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Visual IRC
Developer(s)Adrian Cable and Tara McGrew
Stable release2.0pl2 (December 30, 2007; 16 years ago (2007-12-30)) [±][1]
Operating systemWindows
LicenseGPL
Websitevisualirc.net

Visual IRC (ViRC) is an open-source Internet Relay Chat client for the Windows operating system. Unlike many other IRC clients, nearly all of the functionality in ViRC is driven by the included IRC script, with the result that the program's behavior can be extended or changed without altering the source code.

History

Development of the second incarnation slowed and by 2000 Visual IRC appeared to be dead. The original author MeGALiTH (Adrian Cable) passed the source code to a user, Mr2001 (Tara McGrew), who had previously contributed some code, and who had secretly been developing a clone called Bisual IRC (BIRC). Rather than restarting development of the ViRC '98 code base, he merged some of ViRC '98's features into BIRC and released it as Visual IRC 2.

Much of the source code to BIRC, ViRC 2, and the related utilities has been released under the GPL through the project's web site and SourceForge.

Versus

Versus is a scripting language originally developed for the IRC client Bisual IRC, and currently used with Visual IRC. It is similar in many ways to the scripting languages used by ircII and mIRC, as well as Tcl and C.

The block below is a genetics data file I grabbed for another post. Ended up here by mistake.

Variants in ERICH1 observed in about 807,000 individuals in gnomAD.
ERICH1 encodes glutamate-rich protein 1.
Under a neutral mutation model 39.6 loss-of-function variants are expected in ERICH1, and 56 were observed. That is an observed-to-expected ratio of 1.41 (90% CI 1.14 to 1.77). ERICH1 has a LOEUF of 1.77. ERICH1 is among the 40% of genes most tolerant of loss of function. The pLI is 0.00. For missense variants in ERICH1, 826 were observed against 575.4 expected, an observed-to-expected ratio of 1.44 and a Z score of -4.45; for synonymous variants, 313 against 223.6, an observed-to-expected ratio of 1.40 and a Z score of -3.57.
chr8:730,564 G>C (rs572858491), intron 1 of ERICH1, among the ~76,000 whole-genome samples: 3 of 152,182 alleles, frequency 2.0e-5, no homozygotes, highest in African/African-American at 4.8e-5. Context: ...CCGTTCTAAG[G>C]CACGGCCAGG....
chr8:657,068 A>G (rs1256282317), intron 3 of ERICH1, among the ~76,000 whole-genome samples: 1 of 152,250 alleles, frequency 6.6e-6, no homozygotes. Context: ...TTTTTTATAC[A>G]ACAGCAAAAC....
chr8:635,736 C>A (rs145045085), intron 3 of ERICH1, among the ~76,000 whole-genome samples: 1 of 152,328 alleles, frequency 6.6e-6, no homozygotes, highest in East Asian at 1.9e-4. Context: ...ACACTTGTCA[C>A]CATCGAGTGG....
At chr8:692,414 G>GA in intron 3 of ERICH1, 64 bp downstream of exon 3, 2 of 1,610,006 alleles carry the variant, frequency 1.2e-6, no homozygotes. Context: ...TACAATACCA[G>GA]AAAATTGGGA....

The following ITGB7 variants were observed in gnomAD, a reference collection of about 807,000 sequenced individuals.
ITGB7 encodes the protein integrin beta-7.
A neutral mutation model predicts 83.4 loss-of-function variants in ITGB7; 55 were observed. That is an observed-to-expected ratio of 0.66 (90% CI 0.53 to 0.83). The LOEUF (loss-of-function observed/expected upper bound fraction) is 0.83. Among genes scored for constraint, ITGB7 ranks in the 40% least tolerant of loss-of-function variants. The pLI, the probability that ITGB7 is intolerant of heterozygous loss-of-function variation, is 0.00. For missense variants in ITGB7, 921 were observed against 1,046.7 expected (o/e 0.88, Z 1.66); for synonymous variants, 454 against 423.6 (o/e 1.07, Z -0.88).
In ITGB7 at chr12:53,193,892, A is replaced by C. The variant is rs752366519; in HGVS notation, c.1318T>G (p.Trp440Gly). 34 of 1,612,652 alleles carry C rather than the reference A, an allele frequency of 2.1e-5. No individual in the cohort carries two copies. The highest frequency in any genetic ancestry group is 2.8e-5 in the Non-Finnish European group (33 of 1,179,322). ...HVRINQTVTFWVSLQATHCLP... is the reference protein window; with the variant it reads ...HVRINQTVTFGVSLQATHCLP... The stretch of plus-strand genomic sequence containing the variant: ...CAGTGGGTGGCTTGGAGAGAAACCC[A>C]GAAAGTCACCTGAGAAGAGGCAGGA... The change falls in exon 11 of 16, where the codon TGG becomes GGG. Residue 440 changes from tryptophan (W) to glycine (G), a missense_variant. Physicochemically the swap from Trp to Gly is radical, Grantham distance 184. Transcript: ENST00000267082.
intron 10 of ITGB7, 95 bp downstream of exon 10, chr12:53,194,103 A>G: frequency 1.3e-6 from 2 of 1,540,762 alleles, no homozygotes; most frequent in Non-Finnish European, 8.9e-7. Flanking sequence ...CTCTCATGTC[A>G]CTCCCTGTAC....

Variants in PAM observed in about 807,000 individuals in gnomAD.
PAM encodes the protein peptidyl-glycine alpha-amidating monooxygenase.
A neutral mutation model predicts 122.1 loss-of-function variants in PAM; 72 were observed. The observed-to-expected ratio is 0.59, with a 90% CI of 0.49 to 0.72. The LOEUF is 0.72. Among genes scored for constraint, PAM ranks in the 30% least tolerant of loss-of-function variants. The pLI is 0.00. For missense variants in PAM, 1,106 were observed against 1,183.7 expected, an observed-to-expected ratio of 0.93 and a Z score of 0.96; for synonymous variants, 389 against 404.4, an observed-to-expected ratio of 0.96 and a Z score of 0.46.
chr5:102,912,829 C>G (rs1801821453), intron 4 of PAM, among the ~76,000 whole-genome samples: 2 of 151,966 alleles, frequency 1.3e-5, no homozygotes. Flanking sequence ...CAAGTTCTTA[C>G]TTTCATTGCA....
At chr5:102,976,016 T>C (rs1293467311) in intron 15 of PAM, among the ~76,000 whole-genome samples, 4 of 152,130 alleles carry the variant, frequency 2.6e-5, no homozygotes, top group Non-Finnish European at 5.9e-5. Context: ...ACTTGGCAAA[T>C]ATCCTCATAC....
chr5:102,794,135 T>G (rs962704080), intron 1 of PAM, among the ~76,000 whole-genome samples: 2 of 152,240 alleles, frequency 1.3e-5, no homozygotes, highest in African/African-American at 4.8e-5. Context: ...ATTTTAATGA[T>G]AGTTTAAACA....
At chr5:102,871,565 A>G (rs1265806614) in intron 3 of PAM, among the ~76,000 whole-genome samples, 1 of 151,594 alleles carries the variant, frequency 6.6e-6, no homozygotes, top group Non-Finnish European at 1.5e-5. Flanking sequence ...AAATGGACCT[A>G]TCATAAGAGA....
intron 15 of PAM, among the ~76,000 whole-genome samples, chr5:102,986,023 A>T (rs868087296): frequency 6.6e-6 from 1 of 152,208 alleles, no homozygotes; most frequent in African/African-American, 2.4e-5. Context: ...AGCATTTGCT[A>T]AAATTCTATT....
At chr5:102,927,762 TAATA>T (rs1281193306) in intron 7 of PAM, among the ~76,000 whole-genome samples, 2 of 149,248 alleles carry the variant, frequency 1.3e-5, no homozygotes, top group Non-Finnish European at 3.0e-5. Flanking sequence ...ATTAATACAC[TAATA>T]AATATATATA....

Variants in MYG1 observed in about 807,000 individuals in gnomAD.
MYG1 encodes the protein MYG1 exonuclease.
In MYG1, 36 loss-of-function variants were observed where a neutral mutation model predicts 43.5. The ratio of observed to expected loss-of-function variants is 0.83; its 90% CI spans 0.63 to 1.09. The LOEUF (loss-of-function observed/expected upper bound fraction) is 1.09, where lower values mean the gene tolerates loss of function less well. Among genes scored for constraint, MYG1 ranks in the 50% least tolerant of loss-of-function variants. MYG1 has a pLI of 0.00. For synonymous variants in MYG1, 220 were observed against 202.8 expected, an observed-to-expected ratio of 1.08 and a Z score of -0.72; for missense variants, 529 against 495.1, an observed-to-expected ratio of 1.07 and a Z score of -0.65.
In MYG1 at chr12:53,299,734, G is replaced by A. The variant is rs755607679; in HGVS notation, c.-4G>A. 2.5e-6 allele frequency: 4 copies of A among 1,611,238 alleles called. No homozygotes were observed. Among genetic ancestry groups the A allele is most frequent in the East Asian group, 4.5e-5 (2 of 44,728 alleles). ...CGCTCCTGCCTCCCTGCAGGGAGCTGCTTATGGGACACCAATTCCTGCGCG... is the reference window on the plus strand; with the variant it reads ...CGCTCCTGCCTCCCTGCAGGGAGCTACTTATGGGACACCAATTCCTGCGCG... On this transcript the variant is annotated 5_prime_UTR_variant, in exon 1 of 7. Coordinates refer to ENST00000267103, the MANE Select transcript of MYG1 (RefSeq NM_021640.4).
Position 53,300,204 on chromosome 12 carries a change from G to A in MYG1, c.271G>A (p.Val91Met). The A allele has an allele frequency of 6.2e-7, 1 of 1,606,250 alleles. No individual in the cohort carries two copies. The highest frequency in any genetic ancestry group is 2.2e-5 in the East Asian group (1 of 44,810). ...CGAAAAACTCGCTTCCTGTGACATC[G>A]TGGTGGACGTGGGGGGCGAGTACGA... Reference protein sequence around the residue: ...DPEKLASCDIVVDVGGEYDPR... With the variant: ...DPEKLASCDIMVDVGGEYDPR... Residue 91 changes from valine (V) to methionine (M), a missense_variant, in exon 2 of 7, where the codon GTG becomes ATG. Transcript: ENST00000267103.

The name "Versus" was chosen because it could be shortened to "VS", which was a common abbreviation for ViRCScript, the language used by Visual IRC '96 through '98. Versus remained mostly backward compatible with ViRCScript, so existing documentation and commentary that mentioned "VS" remained mostly accurate when applied to Versus. The name also alluded to BIRC's origins as a replacement for ViRC.

Object Versus, or OVS, refers to the object-oriented features of Versus. Scripts can define classes and work with objects and methods instead of textual data and aliases; however, in practice, OVS is mostly used to manipulate the VCL objects that make up ViRC's interface.

Script storage

Scripts are stored in files, usually with a .vsc file extension, though the .lib extension is sometimes used. A Versus script file simply contains statements to be interpreted when the script is loaded; any blocks defined in a script (see below) will replace blocks defined with the same name by previous scripts.

Blocks that can be defined in a script

Aliases, methods (including constructors and destructors), events, menu items, and toolbar items are referred to as routines or code blocks.

Data storage

Files

Variables

Associative arrays

Pseudovariables

Code examples

Here is the Hello World code example:

Alias HELLO
  TextOut > $C clBlack Hello, world!
EndAlias

Here is an example to count to ten:

Alias TEN
  for (@l $i = 1; $i <= 10; $i++)
    TextOut > $C clBlack $i
  endfor
EndAlias

Here is an example to make everyone in the current channel an operator:

Alias MASSOP
  foreach ($a,$b,$c,$d; $nicklist($C))
    Mode $C +oooo $a $b $c $d
  endforeach
EndAlias

References

Further reading

  • Charalabidis, Alex (1999). "Windows IRC Clients: Visual IRC". The Book of IRC: The Ultimate Guide to Internet Relay Chat. No Starch Press. pp. 37–38. ISBN 1-886411-29-8.
  • Forrest Stroud (8 April 2004) Visual IRC, WinPlanet Software Reviews